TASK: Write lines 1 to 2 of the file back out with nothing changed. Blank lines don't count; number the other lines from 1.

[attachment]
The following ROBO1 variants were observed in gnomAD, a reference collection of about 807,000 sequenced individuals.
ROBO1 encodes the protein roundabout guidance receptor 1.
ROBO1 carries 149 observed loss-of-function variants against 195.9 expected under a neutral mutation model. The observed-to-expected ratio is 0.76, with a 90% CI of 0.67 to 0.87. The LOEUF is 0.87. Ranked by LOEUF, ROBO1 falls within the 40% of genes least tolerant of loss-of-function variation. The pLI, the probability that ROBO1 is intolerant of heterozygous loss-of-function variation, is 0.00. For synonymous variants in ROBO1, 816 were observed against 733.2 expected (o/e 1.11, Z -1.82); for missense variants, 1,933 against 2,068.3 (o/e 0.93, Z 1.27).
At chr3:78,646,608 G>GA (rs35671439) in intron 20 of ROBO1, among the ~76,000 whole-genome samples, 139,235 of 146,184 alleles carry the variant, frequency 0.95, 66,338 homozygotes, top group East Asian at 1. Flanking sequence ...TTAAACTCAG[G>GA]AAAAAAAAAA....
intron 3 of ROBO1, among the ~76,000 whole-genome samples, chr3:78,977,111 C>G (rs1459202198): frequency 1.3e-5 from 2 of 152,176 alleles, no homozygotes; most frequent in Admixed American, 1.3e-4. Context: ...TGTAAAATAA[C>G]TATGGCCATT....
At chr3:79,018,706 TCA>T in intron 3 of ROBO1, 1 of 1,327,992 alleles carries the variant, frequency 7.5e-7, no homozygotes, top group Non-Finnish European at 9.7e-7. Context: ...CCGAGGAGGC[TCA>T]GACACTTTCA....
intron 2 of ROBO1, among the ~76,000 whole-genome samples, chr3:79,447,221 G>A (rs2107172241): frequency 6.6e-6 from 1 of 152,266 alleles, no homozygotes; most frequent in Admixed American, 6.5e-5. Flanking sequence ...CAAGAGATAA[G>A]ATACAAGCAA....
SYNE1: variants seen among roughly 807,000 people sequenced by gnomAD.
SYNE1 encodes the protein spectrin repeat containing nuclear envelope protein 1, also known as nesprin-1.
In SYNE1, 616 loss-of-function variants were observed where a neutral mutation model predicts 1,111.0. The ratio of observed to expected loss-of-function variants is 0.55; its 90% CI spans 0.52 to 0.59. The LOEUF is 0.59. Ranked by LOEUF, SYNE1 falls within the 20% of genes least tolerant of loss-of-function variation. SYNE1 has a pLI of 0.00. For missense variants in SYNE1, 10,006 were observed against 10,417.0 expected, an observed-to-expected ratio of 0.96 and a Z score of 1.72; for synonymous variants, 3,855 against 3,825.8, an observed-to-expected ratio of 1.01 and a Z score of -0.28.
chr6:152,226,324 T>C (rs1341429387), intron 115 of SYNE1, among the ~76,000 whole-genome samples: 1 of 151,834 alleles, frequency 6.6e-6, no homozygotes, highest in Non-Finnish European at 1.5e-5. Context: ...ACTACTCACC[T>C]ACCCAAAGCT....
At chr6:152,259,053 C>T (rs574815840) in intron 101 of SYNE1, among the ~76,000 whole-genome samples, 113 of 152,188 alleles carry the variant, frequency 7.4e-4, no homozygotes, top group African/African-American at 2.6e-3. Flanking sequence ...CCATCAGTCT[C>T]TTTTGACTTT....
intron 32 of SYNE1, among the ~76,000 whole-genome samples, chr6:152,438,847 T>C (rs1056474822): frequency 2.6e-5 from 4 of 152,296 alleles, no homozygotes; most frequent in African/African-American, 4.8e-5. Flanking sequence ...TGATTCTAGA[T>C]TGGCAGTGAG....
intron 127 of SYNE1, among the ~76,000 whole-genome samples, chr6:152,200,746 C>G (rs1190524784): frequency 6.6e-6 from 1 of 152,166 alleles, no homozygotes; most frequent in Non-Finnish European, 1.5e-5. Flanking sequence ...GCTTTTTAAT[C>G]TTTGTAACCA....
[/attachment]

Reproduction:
The following ROBO1 variants were observed in gnomAD, a reference collection of about 807,000 sequenced individuals.
ROBO1 encodes the protein roundabout guidance receptor 1.